Learn if Agave Nectar Can Be Good for Your Low-Carb Diet

agave nectar

Verywell / Alexandra Shytsman

Agave nectar, also called agave syrup, is a sweet syrup made from the filtered juice of the agave plant native to Mexico. It is typically made from a different agave species (Agave salmania) than is used to make tequila (Agave tequilina).

To make the syrup, the agave juice would first be extracted by pulping and pressing the harvested leaves. The filtered juices would then be heated in a tank to evaporate the water and break down the complex sugars into simple sugars.

Another method of production uses enzymes derived from the Aspergillus fungus to break the bonds that hold together the complex sugar molecules.

This results in a concentrated, sweetened nectar comprised of 90 percent fructose which has a lower glycemic index (GI) than most other sweeteners, including sugar. While this may suggest that agave syrup is a good option for a low-carb diet, the facts don't necessarily bear up to those assumptions.

Agave Nectar and Carbohydrates

While agave nectar is natural and has a lower GI than other sweeteners, that shouldn't suggest that it's a "healthier" option if you are a low-carb eater.

From a nutritional standpoint, a teaspoon of agave nectar has between four and five grams of net carbohydrates and a total of 20 calories. In terms of carbohydrates alone, that places more or less in the same league as table sugar, corn syrup, molasses, or sugar in any other guise.

To place this into context, four to five grams of net carb would be roughly equivalent to:

  • 1/3 cup whole milk ricotta cheese with 1/4 cup raspberries
  • A half portion of tuna walnut salad
  • 1/4 cup of spinach dip wrapped in two slices of luncheon meat
  • Eight hard-boiled eggs (although you never eat this many)

With a single teaspoon of agave nectar, you would the same amount of carbs as the above-listed foods but without the added benefit of fiber, protein, fat, or minerals.

Agave Nectar and Glycemic Index

While it is true that agave nectar is primarily fructose and that fructose is less glycemic than glucose, that doesn't mean it won't affect your blood sugar.

Unlike glucose, fructose is almost entirely metabolized in the liver in a process known as fructolysis. During fructolysis, fructose will be converted by the liver into four different things:

  • Around half will be converted into glucose to be used for energy.
  • Around 25 percent will be converted into lactic acid.
  • Around 15 percent to 20 percent will be converted into the stored form of glucose, known as glycogen, and warehoused in the liver for future use.
  • The rest will be converted into triglycerides, a type of fat associated with an increased risk of diabetes, metabolic syndrome, and heart disease. 

It is this last issue—triglycerides—that makes agave nectar especially unsuitable if you have a pre-existing cardiovascular condition, metabolic syndrome, or insulin resistance.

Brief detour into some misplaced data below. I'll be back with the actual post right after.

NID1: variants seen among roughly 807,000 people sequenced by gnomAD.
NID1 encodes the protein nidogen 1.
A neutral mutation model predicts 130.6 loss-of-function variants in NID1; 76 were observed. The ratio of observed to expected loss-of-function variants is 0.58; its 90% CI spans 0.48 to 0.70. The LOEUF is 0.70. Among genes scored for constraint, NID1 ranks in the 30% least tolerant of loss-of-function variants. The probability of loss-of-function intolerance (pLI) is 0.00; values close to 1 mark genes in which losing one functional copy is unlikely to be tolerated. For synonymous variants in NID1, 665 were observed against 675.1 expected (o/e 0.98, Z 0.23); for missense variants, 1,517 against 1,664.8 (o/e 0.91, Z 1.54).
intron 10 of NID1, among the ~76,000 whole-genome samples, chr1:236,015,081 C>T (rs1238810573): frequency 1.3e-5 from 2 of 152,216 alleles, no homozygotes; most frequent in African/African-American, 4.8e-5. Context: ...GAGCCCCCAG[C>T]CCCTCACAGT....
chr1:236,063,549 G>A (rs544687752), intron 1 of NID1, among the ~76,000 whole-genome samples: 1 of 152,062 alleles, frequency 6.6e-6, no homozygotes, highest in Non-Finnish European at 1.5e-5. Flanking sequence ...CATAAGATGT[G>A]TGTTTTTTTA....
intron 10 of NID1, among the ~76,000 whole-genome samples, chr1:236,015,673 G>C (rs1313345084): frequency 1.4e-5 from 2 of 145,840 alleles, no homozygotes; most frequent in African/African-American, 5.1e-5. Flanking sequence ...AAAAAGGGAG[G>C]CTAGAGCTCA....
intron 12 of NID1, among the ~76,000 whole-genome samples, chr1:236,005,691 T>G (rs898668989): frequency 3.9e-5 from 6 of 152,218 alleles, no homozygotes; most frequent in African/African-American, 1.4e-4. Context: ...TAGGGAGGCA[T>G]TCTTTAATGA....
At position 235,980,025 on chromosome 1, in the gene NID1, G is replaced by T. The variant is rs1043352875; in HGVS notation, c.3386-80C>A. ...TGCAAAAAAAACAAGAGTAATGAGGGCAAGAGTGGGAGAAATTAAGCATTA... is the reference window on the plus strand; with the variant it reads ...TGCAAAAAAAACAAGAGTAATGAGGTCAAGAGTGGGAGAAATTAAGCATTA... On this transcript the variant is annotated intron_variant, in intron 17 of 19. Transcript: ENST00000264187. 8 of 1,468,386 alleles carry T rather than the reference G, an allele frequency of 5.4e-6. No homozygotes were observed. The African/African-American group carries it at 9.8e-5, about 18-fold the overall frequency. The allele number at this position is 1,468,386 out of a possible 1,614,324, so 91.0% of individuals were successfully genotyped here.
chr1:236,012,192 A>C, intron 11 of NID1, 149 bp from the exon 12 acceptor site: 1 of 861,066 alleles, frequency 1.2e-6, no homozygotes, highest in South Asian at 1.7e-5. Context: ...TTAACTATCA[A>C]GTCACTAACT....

Whichever sweetener you ultimately choose, it is important to remember that additional calories of any sort can cause weight gain, which is an independent risk factor for diabetes and heart disease.

Agave Nectar and Dental Health

Fructose, like sucrose, can be detrimental to your oral health. When you eat fructose, the bacteria on tooth surfaces will metabolize the sugar to form acid. This lowers the pH of tooth plaque below 5.5, causing the enamel of the tooth to demineralize.

When the pH is restored above 5.5, usually within 20 to 30 minutes of eating fructose, the enamel can be repaired, at least in part, by calcium and phosphate released from the saliva.

Using Agave Nectar

While agave nectar cannot be considered an improvement over any other type of sugar in a low-carb diet, that shouldn't suggest that it is without its benefits.

For a usability standpoint, agave syrup is around one and a half times sweeter than table sugar, meaning that you can use less to sweeten beverages of food. If you are looking for a neutral flavor, you can opt for a light agave nectar, which has a slightly golden color. Darker versions have a more caramel-like taste and can be poured directly on pancakes or waffles as a substitute for maple syrup.

Agave nectar will not crystallize, is stable even at different temperatures, and has a shelf life of approximately two years.

For people who make an effort to eat naturally, agave nectar can be an attractive option if it is not refined and free from additives. It is important to check labels as some that are commercially processed may contain preservatives and artificial colorings. Always look for brands that are labeled "100% organic" and have been certified by an agency authorized by the U.S. Department of Agriculture (USDA).

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Article Sources
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  1. USDA FoodData Central. Sweetener, syrup, agave. April 1, 2019.

  2. Alternative sugars: Agave nectar. Br Dent J. 2017;223(4):241. doi:10.1038/sj.bdj.2017.697

  3. USDA Agricultural Marketing Service. Organic Certifying Agents.

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